Rear-Fold or Forward-Fold Hard-Floor Trailers
Hard floors are often quick to set up, where rocky or difficult grounds are no longer an issue. However, these trailers don’t tend to be as spacious. Despite the ability to set up a double bunk for two young children, there is still less space overall for walking around.
Forward-folds are proving to be the new hot item for families, partly because they offer an internal dining area with a small table to eat at too.
A measured piece of carpet enhances the luxury camper trailer experience tenfold across all models, and can easily be stored on top of the bed when packed away.
Trailers tend to be popular for bigger families. Image: Ian Treseder
Choosing Your Campsite
With the winter sun setting earlier, it’s a good idea to hustle the family into the car at the crack of dawn – maybe even pre-dawn, especially if you’ve got a long drive ahead. You’ll be grateful you made the effort when you pull into your camp at the flip side of the day, when there’s still plenty of light for setting up and getting the fire going.
Scout out the area and avoid setting up camp near a creek bed or on a slope, in case it buckets down and the area floods. When the weather is wet and rainy there’s a higher risk of a branch snapping off and falling on your site too – so find a spot as clear of trees as possible.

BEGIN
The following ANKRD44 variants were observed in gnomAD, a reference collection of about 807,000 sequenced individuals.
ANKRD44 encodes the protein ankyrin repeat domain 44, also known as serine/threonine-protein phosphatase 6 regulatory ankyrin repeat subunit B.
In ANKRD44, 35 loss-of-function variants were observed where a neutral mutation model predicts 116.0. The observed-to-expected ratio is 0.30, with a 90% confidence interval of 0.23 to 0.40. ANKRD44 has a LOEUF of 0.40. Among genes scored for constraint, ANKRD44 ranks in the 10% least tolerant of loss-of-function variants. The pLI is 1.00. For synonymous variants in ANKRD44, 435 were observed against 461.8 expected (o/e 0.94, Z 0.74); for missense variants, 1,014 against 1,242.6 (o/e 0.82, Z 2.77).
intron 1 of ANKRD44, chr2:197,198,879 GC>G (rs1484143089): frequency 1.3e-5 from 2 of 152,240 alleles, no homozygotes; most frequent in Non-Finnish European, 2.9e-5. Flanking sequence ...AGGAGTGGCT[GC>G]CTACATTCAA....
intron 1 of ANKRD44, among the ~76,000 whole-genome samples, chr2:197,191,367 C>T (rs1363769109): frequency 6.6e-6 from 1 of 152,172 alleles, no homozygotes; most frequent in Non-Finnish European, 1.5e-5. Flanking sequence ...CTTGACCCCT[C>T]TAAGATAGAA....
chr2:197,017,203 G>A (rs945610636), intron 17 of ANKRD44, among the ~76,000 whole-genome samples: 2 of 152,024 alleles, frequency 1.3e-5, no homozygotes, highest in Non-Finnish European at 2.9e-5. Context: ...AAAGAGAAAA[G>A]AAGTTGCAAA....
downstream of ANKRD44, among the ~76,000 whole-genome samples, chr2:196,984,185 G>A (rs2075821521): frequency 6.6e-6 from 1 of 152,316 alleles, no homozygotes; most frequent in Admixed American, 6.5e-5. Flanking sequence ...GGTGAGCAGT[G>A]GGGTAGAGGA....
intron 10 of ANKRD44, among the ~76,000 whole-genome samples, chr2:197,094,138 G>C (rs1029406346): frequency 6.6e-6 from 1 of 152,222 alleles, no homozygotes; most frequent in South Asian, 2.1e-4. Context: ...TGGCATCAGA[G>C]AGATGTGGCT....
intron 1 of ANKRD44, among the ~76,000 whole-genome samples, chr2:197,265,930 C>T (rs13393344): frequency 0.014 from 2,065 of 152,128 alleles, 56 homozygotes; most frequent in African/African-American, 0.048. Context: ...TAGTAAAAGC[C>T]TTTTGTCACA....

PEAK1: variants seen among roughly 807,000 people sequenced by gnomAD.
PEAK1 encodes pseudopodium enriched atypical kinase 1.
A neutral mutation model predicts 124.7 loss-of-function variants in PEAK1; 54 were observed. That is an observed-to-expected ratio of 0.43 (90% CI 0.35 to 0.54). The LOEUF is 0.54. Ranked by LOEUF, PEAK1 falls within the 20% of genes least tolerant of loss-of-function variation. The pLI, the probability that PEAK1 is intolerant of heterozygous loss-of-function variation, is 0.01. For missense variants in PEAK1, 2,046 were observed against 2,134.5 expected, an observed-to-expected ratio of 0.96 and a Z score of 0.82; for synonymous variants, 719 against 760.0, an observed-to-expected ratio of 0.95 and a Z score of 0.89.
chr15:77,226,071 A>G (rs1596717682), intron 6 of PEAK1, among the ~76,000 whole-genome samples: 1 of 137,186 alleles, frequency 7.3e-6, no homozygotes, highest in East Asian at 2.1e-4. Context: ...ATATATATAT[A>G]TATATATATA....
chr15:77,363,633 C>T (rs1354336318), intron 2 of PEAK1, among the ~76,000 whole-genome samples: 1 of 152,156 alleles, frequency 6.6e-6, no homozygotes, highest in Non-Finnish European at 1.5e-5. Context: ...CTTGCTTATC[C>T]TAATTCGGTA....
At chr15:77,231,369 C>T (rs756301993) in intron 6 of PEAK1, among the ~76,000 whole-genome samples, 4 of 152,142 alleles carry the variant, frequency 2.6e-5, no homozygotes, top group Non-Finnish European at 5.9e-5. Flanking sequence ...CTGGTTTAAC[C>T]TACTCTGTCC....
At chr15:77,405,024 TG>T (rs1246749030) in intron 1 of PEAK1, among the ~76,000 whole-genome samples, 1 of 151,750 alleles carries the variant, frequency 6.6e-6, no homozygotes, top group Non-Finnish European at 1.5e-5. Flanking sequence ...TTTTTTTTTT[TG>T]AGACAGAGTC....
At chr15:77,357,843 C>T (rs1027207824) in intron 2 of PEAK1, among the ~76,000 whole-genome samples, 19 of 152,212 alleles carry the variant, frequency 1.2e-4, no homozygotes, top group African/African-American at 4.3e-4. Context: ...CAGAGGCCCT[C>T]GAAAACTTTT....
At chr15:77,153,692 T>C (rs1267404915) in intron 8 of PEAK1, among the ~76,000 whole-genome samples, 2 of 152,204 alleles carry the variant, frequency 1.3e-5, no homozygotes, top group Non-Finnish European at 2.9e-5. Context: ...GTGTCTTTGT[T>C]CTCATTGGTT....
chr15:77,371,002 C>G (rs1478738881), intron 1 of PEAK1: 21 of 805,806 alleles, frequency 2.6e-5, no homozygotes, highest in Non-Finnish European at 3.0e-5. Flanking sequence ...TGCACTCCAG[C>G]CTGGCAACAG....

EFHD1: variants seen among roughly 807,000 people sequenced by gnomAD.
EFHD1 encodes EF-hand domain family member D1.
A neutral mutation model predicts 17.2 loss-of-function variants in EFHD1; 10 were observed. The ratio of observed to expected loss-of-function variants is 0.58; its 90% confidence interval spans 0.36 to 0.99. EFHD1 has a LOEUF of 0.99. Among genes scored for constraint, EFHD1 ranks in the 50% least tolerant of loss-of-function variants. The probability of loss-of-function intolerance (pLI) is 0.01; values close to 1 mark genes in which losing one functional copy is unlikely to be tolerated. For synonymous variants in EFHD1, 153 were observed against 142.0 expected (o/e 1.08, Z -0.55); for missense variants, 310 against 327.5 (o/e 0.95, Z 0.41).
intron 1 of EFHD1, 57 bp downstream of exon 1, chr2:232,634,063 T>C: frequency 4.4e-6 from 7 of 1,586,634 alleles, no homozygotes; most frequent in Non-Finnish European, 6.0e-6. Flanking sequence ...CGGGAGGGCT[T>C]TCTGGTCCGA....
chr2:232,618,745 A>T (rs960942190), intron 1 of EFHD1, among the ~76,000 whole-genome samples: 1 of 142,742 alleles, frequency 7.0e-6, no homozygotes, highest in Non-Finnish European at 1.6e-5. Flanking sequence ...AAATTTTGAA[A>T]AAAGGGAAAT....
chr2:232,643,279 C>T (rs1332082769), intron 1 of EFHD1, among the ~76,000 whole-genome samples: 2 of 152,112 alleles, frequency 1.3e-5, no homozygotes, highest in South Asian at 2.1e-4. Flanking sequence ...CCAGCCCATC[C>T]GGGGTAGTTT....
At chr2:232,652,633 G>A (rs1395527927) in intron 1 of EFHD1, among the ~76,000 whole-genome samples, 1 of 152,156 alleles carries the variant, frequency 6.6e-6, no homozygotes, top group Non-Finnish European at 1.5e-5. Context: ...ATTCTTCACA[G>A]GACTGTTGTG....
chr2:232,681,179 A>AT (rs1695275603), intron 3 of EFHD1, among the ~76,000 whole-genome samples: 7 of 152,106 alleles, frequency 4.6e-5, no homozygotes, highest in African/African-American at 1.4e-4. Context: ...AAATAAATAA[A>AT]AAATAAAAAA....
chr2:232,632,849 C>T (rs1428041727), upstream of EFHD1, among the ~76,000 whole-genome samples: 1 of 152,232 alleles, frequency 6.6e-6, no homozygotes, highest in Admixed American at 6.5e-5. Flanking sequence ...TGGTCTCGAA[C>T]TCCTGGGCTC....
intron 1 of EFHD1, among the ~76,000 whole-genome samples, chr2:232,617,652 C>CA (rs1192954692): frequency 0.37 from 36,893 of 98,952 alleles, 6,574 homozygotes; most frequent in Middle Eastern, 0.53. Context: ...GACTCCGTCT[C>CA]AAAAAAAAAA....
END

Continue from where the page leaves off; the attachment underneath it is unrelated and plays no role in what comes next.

Most winter camping enthusiasts will tell you that a campfire is a must-have for a campsite. Some of the best memories can be sitting in front of a fire with the kids in your lap, reading a book. Nonetheless, you must always consider the following for a campfire before leaving for the trip:
Where you go will dictate whether or not you can have a fire. Check to ensure that the venue allows fires, and if they do, if wood can be collected there or brought with you.
State forests more often than not allow you to run a chainsaw and collect wood from the ground. National Parks tend to be less flexible. If you have a dry stash of wood at home, it’s recommended to bring that along.
Where you go will dictate whether or not you can have a fire. Image: Ian Treseder
Equipment for Collecting Wood
A handsaw works but can become tiresome. Chainsaws will always make light work of wood collection, but National Parks don’t allow chainsaw use due to noise considerations. Therefore, the battery-powered brushless saws can be a great option.
Just to be safe, check with the ranger on your options before your trip. Ensure you bring lighters and even firelighters in case the wood is damp.